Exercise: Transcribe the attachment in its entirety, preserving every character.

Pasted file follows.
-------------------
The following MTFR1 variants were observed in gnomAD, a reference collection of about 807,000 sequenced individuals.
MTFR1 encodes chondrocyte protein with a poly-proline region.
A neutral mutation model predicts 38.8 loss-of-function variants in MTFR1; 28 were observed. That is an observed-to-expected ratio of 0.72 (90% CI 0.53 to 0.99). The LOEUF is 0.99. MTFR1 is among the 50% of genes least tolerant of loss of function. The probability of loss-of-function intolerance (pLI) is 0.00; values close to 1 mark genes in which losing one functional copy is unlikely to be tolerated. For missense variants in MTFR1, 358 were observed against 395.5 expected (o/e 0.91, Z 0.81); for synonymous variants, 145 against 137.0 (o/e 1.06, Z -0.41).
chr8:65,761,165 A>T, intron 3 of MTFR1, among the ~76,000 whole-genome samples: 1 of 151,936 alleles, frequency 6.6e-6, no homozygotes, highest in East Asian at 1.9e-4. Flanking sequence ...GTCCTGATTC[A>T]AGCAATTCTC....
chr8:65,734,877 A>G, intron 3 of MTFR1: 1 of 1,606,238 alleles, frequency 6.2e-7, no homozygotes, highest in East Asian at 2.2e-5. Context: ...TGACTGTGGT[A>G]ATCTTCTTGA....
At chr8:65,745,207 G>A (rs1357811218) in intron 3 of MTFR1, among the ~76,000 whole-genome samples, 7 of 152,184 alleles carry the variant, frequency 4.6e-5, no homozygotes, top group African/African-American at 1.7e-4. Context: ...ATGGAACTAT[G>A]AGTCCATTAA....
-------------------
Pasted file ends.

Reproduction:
The following MTFR1 variants were observed in gnomAD, a reference collection of about 807,000 sequenced individuals.
MTFR1 encodes chondrocyte protein with a poly-proline region.
A neutral mutation model predicts 38.8 loss-of-function variants in MTFR1; 28 were observed. That is an observed-to-expected ratio of 0.72 (90% CI 0.53 to 0.99). The LOEUF is 0.99. MTFR1 is among the 50% of genes least tolerant of loss of function. The probability of loss-of-function intolerance (pLI) is 0.00; values close to 1 mark genes in which losing one functional copy is unlikely to be tolerated. For missense variants in MTFR1, 358 were observed against 395.5 expected (o/e 0.91, Z 0.81); for synonymous variants, 145 against 137.0 (o/e 1.06, Z -0.41).
chr8:65,761,165 A>T, intron 3 of MTFR1, among the ~76,000 whole-genome samples: 1 of 151,936 alleles, frequency 6.6e-6, no homozygotes, highest in East Asian at 1.9e-4. Flanking sequence ...GTCCTGATTC[A>T]AGCAATTCTC....
chr8:65,734,877 A>G, intron 3 of MTFR1: 1 of 1,606,238 alleles, frequency 6.2e-7, no homozygotes, highest in East Asian at 2.2e-5. Context: ...TGACTGTGGT[A>G]ATCTTCTTGA....
At chr8:65,745,207 G>A (rs1357811218) in intron 3 of MTFR1, among the ~76,000 whole-genome samples, 7 of 152,184 alleles carry the variant, frequency 4.6e-5, no homozygotes, top group African/African-American at 1.7e-4. Context: ...ATGGAACTAT[G>A]AGTCCATTAA....